I had high hopes for Bratislava. Due to time constraints, I hadn’t been able to visit in 2011 and so it was one of the first places I worked into my Interrail itinerary.

I can’t even pinpoint why I wanted to visit. I arrived knowing very little about the city other than the fact that it’s extremely small and the beer is cheap. With visions in my head of a smaller version of my beloved Ljubljana, I was sorely disappointed when I arrived at Bratislava train station – one of the ugliest I’ve ever stepped foot in. It was dark, creepy and covered in cobwebs. The surrounding scenery consisted of grey, concrete blocks of flats.

This was not a good first impression.

We were met at the train station by Eduard, the owner of the gorgeous apartment we were going to be staying in for the next few days. We were staying a half hour walk outside the old town, which severely limited the amount of sightseeing we were able to do as unfortunately, the rain from our time in Prague followed us over to Bratislava.

The old town itself is tiny. You can walk from one end to the other in 15 minutes and so Dave and I spent just a single day exploring and the rest of our time relaxing in the apartment – this was still plenty of time to see everything.

Here’s how we spent our day.

Our first stop was the beautiful light-blue St Elizabeth Church, which we stumbled upon by complete accident. Located outside the old town in a quiet residential area, our arguments over who had got us lost were silenced when we turned the corner and were greeted with this.

blue church in bratislava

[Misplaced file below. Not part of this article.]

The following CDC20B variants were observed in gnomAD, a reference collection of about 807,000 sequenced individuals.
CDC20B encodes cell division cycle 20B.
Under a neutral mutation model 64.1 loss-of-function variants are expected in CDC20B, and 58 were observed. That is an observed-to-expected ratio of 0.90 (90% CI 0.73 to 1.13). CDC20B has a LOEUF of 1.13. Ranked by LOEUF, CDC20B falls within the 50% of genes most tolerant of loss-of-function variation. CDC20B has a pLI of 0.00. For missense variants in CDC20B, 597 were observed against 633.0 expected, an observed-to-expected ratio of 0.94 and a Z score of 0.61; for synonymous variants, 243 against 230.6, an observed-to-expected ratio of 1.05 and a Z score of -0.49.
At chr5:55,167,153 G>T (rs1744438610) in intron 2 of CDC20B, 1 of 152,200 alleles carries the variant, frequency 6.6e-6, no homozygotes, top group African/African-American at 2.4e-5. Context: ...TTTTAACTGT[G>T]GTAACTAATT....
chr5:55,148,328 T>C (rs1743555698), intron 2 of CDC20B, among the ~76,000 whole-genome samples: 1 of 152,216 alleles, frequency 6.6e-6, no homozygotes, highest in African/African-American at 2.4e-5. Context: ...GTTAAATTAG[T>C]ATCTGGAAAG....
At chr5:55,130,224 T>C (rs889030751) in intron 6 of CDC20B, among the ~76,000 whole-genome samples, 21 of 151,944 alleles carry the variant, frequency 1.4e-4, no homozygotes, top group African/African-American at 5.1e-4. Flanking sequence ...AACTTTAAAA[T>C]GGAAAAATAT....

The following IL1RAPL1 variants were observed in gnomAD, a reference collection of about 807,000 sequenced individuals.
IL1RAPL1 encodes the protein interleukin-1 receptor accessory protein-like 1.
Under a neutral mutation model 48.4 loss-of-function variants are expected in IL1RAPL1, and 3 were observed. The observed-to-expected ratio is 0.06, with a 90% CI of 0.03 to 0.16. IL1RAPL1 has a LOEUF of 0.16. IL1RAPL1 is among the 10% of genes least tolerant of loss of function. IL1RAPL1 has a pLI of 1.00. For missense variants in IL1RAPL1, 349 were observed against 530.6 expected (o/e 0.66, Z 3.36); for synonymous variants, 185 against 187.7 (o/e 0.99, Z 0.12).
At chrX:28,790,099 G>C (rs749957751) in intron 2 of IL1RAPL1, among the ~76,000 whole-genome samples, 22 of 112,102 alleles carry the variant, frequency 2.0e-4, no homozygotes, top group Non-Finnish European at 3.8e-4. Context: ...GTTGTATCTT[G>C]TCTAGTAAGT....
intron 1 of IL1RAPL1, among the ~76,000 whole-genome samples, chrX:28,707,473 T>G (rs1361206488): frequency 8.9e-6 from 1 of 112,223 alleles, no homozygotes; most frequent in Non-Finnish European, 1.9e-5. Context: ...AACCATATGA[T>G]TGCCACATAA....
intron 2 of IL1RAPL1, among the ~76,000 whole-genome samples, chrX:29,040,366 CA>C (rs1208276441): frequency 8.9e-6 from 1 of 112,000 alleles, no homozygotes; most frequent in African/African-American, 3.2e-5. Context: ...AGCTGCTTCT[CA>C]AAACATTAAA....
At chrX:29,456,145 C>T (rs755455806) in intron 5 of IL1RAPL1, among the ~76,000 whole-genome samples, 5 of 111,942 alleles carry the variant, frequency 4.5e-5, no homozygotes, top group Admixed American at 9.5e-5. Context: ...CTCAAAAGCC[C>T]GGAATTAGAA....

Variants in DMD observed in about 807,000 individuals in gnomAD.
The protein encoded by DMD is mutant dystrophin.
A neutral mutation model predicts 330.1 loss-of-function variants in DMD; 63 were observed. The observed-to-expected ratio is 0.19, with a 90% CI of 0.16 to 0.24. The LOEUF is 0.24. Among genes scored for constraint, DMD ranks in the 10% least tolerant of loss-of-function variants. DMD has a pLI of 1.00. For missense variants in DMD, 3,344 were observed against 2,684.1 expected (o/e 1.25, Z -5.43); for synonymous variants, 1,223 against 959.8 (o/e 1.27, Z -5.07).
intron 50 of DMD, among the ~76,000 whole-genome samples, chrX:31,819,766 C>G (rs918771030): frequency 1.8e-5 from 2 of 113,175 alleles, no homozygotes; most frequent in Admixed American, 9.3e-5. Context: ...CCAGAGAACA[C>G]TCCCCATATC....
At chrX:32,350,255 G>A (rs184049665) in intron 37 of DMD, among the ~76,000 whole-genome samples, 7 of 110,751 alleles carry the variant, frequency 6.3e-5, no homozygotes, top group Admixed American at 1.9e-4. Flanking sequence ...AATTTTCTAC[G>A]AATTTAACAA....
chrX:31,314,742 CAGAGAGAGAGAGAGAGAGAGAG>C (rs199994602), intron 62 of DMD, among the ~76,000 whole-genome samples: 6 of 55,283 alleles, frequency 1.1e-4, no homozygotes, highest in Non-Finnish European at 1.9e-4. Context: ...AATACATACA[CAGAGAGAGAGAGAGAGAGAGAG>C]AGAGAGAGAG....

Bratislava’s old town reminded me of a grittier Ljubljana – dirtier, less colourful, less attractive and with a lot more graffiti – but it still had a certain charm to it. The cobblestone streets and narrow alleyways were lined with restaurants, bars and cafes and, to my surprise, a constant stream of tour groups.

cafes bars bratislava

bratislava old town

Onto Hviezdoslav Square and one of the best array of statues and posing opportunities I’ve ever come across, this was obviously going to be one of the highlights of my time in Bratislava.

statues in bratislava

Like most places in Eastern Europe, Bratislava is dominated by a huge castle on a hill overlooking the city. On the climb up, we passed through a tunnel filled with some crazy looking street art.

street art in bratislava

After ten minutes of panting, sweating and narrowly avoiding cardiac arrest, I finally reached the top of the castle. It’s one of the highest points of the city and despite the rain, I still managed to spend 10 minutes or so enjoying the view of the surrounding countryside.

bratislava fortress

One of the most famous landmarks in Bratislava is Nový Most. One of only two asymmetrical suspension bridges in the world it is known for its bizarre UFO-shaped restaurant and observation deck.

With the terracotta roofs and gothic spires of old Bratislava on one side and hundreds of identical rows of Communist apartment blocks on the other, the bridge now acts as a divide between old and new in the city.

view over bratislava

And to finish off my day exploring Bratislava I returned to our apartment, looked out the window and saw that the sky was on fire. It was an amazing sunset to end a, well, kind of dull day.

sunset in bratislava

I left Bratislava feeling underwhelmed – I had expected so much more and I ended up disappointed.

As with my time in Prague, the weather didn’t help. I love small cities in Europe and one of my favourite things to do is check out the local cafes and bars and spend several hours people watching with a cold beer. It’s not particularly fun do this in the rain!

I feel like I could like Bratislava. If the sun had been shining then it would have been a beautiful city to spend a couple days in. I can’t help but feel that any longer than that and I’d be bored.

There just isn’t all that much to do. 


My trip through Central and Eastern Europe was made possible by the lovely people at Interrailnet.com, and our accommodation in Bratislava was provided by Wimdu. 

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